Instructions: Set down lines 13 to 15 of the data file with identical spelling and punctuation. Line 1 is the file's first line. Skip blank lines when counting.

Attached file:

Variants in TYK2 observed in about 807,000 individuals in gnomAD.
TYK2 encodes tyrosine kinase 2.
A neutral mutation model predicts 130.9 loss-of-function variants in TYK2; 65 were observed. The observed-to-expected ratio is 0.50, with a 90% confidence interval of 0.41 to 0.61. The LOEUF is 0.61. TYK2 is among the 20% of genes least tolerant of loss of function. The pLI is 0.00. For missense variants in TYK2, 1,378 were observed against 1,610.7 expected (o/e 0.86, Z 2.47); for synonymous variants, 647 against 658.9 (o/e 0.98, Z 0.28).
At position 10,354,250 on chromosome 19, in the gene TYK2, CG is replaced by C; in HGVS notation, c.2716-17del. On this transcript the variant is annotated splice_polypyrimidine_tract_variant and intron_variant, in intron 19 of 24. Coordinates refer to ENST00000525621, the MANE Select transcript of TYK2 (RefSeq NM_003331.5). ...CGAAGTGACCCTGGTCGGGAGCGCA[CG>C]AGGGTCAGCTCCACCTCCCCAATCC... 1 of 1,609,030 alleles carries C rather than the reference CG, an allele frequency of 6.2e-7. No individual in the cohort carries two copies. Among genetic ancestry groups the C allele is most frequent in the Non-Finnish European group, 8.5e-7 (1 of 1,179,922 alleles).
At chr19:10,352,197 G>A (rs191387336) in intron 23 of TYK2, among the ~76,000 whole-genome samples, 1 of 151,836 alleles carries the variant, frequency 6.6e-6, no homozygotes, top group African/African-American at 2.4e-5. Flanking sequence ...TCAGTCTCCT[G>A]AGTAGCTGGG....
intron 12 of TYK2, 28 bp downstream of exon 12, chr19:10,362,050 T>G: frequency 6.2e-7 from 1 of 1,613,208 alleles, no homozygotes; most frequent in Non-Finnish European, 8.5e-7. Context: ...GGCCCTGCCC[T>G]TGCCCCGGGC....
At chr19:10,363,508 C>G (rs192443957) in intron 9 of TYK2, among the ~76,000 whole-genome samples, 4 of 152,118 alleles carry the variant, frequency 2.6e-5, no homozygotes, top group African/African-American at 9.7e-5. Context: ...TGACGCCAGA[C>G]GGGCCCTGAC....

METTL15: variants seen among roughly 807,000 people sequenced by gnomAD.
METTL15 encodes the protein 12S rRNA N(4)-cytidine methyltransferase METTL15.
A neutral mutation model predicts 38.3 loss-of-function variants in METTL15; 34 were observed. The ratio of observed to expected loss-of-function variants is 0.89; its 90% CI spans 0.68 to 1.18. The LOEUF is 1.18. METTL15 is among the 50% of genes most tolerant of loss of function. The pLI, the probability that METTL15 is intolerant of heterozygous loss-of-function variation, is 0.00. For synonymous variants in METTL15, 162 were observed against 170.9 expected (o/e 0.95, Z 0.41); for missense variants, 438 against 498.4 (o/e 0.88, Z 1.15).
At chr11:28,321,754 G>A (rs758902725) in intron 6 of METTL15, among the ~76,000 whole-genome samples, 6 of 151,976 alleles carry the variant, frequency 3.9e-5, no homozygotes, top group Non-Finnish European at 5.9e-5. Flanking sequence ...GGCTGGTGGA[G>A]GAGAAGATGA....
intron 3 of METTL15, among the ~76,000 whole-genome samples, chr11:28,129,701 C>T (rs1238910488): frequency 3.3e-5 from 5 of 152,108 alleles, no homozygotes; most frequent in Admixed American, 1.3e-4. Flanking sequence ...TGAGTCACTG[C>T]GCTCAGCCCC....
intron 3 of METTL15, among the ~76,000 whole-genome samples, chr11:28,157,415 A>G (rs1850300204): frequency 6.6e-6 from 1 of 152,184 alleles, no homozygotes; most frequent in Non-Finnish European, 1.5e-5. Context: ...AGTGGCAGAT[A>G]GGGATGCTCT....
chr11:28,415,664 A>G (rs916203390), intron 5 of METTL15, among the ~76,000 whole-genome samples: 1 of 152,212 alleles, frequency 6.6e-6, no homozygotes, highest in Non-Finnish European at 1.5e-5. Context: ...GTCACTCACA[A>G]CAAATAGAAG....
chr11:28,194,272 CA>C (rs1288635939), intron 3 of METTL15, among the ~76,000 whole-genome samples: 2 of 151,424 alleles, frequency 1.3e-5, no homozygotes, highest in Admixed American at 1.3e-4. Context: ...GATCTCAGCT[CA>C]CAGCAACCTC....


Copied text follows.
intron 3 of METTL15, among the ~76,000 whole-genome samples, chr11:28,157,415 A>G (rs1850300204): frequency 6.6e-6 from 1 of 152,184 alleles, no homozygotes; most frequent in Non-Finnish European, 1.5e-5. Context: ...AGTGGCAGAT[A>G]GGGATGCTCT....
chr11:28,415,664 A>G (rs916203390), intron 5 of METTL15, among the ~76,000 whole-genome samples: 1 of 152,212 alleles, frequency 6.6e-6, no homozygotes, highest in Non-Finnish European at 1.5e-5. Context: ...GTCACTCACA[A>G]CAAATAGAAG....
chr11:28,194,272 CA>C (rs1288635939), intron 3 of METTL15, among the ~76,000 whole-genome samples: 2 of 151,424 alleles, frequency 1.3e-5, no homozygotes, highest in Admixed American at 1.3e-4. Context: ...GATCTCAGCT[CA>C]CAGCAACCTC....